PREACH THE WORD
From the time that our girls were very small with their too-big backpacks and their lunch bags dangling from small fists, we have reminded them as they walked out of our door, ‘Remember who you are, whose you are, and what you stand for.’ And then, as a follow-up, I would call, “And if you are confused about any of the answers, we will talk about it when you get home.” As parents, there is always this core desire to make sure our children are well-grounded. We know that as they leave the circle of our protection, the world will challenge them, that the enemy of their souls will prowl, and that they will sometimes wonder where they belong.
In 2 Timothy, we find Paul in the midst of penning a message to his spiritual son, Timothy, and this will be his last such letter. There have been arrests and floggings and prisons in the past, but this time, the end really is near and Paul knows it. He writes to Timothy with the passion of one whose last words must be articulated. It’s the same sense that I have when my children walk out the door without me. And, Paul’s ultimate message to Timothy, to the generation that will take the place of Paul is, ‘Preach the Word – no matter the cost. Preach the Word with your lives.” Paul says this in verse 2 and then he elaborates in the verses that follow. Paul wants us to live out our lives and our ministry in ways that glorify God, even if the consequences are difficult, even tragic. We are to live and to die with an eschatological hope of the coming kingdom.
Paul uses the analogy of a ‘drink offering’ in verse 4, giving us a beautiful insight into how he is processing the course of his life and his looming death. In Jewish culture, the drink offering had a special place as a celebration. Utilize Andrew Langham’s article, Comments on the Drink Offering for a clear and readable explanation of the various Levitical Offerings.
Langham points out that the drink offering is the celebration of completion – the joy of God in a completed work. Paul is able to look at his life, certainly the persecution and even the lives that were martyred because of his testimony or even by his own hands, and see himself through the lens of God who accepts the whole of Paul’s life as a drink offering – a celebration of a completed work.
There is a deep correlation here for us as Wesleyans. The escape from Egypt, the wandering and travails in the desert eventually bring the Israelites to a celebration of the drink offering, but it only with their entry into the promised land. There is no drink offering when God rescues them from the bondage of Egypt – God’s work was not yet complete. The delivery from the bondage of sin is not the completed work. The drink offering is celebrated only when God’s people are fully present in the promised land for it is only in the promised land that we are finally and fully complete, whole, perfected. Yet here in 2 Timothy, we hear Paul proclaiming that he is being poured out as that drink offering. There is something of the journey of sanctification here, if we are willing to dig for the meaning.
In the second portion of the reading, verses 16 – 18, Paul brings us face to face with his reality in these last days. Nero is on the throne, his thirst for Christian blood unquenchable. He was known to wrap Christians in oiled animal skins, impale them, and set them on fire along the road to burn as literal lamps in the night. It is worth noting here that even in their martyrdom, the light dispels the darkness, for we can proclaim with the Early Church Father Tertullian that ‘the blood of the martyrs is the seed of the church.’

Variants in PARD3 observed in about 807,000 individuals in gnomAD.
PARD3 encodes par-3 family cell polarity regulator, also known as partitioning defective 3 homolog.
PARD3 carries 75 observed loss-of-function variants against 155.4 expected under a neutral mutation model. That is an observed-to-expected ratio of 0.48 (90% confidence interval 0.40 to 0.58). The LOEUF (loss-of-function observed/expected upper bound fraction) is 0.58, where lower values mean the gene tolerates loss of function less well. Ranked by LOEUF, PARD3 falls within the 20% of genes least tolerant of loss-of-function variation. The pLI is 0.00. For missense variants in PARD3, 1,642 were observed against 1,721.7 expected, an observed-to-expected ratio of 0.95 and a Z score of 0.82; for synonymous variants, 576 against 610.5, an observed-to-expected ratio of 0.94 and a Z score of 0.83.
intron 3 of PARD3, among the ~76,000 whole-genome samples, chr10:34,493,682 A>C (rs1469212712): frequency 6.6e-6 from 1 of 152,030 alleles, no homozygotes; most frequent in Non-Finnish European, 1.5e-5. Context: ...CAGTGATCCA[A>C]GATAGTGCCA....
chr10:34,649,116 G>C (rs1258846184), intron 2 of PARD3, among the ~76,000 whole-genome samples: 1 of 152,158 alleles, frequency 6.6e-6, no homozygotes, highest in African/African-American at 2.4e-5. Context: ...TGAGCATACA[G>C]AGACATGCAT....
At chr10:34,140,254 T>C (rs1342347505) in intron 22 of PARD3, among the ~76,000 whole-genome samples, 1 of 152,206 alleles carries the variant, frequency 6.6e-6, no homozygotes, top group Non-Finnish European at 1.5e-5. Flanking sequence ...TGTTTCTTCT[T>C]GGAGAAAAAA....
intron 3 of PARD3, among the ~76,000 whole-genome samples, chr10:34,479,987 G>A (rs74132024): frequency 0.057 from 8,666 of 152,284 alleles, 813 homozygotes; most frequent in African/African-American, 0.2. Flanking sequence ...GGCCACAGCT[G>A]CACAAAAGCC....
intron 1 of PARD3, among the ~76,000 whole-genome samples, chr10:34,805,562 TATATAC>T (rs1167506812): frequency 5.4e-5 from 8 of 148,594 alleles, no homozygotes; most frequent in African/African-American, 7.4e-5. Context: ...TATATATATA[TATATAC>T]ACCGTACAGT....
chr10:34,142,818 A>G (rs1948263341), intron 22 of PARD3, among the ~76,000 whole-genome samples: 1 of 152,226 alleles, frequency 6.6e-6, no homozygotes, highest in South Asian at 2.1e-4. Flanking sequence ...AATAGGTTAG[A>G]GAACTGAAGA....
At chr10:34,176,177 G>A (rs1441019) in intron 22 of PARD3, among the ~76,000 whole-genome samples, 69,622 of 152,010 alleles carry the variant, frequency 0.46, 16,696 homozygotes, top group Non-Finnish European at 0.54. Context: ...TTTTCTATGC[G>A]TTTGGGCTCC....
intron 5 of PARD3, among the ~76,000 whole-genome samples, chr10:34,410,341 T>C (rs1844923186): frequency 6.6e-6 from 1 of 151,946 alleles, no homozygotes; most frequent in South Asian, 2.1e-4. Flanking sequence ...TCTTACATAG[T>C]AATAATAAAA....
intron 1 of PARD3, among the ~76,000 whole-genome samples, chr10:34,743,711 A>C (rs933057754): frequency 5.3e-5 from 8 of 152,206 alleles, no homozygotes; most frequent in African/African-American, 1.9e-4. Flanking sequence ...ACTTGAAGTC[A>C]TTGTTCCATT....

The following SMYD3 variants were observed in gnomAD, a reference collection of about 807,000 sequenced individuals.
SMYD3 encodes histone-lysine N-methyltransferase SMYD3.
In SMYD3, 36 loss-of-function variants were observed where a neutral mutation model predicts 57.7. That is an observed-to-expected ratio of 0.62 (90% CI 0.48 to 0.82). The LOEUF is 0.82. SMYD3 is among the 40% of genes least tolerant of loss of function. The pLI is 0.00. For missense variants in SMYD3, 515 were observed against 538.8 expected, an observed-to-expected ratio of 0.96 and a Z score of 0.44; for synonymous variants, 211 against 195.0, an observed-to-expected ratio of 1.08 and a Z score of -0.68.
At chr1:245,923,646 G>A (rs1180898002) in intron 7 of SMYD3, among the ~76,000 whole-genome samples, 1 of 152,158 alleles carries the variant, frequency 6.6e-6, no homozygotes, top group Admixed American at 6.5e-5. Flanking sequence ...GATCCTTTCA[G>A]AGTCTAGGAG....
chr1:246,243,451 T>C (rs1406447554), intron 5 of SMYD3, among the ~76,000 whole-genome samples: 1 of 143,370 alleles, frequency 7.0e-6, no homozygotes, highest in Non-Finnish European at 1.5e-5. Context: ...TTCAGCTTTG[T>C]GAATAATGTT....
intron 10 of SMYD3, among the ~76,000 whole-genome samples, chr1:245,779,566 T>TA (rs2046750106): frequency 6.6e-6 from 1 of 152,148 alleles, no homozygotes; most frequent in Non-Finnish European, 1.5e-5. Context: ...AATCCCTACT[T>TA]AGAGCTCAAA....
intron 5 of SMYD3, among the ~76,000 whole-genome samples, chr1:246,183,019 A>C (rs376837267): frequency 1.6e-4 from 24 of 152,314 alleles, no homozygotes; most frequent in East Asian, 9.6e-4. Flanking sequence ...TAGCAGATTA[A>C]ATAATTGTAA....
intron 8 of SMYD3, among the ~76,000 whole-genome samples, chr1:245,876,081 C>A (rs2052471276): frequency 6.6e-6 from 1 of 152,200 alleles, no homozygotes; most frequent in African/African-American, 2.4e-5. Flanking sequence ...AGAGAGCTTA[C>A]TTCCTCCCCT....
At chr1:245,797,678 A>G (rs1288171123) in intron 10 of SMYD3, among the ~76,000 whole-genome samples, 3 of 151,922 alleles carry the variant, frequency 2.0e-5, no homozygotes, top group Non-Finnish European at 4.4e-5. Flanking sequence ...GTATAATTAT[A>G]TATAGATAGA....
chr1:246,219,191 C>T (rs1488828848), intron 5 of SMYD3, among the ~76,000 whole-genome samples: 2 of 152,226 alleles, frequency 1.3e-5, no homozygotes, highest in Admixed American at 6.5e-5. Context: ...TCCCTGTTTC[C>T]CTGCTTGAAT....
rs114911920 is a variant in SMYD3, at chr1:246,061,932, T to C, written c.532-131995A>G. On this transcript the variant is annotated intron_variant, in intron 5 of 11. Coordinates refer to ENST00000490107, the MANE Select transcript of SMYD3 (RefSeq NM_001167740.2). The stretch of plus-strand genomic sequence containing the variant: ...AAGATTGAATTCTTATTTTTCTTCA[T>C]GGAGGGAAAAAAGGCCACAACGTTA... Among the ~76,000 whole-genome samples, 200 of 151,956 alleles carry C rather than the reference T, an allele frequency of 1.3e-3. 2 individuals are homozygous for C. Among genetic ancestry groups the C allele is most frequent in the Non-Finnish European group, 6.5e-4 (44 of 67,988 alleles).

As Paul pens this letter, that darkness must be overwhelming. If we go back to his letter in Romans 1, we find Paul writing of the great faith of the church in Rome and celebrating their great zeal for Christ. It is a church alive, vibrant, and thriving. Just a decade later, and Paul says of that same church, ‘At my first defense, no one came to my support, but everyone deserted me.’ Could it be that the majority of those faithful Romans of a decade earlier had already met their tragic end at the hands of Nero?
And yet, Paul reminds us that our eschatological hope is not connected to the end of our earthly lives, nor is it in connection with the end of life on earth as we know it. It is as the new kingdom and God’s reign in that kingdom become a reality that together we lift our glasses to celebrate with Christ in the drink offering – the celebration of accomplishment that is Christ’s birth, death, resurrection, and reign for ever more. Until that time, Paul tells us in his final letter, in his final days to preach the Word with our lives.
Langham, Andrew. Comments on the Drink Offering, http://biblecentre.org/content.php?mode=7&item=790
Questions for the congregation or for further development:
1. How can we spiritually offer or be a drink offering to God?
2. Consider Paul’s words in Philippians 1:21 ‘For me, to live is Christ, and to die is gain’. How do Paul’s words at the end of his life correspond or complete what he wrote to the Philippians?
3. Explore how our death, physical as well as death to sin become the celebration of God’s accomplishment.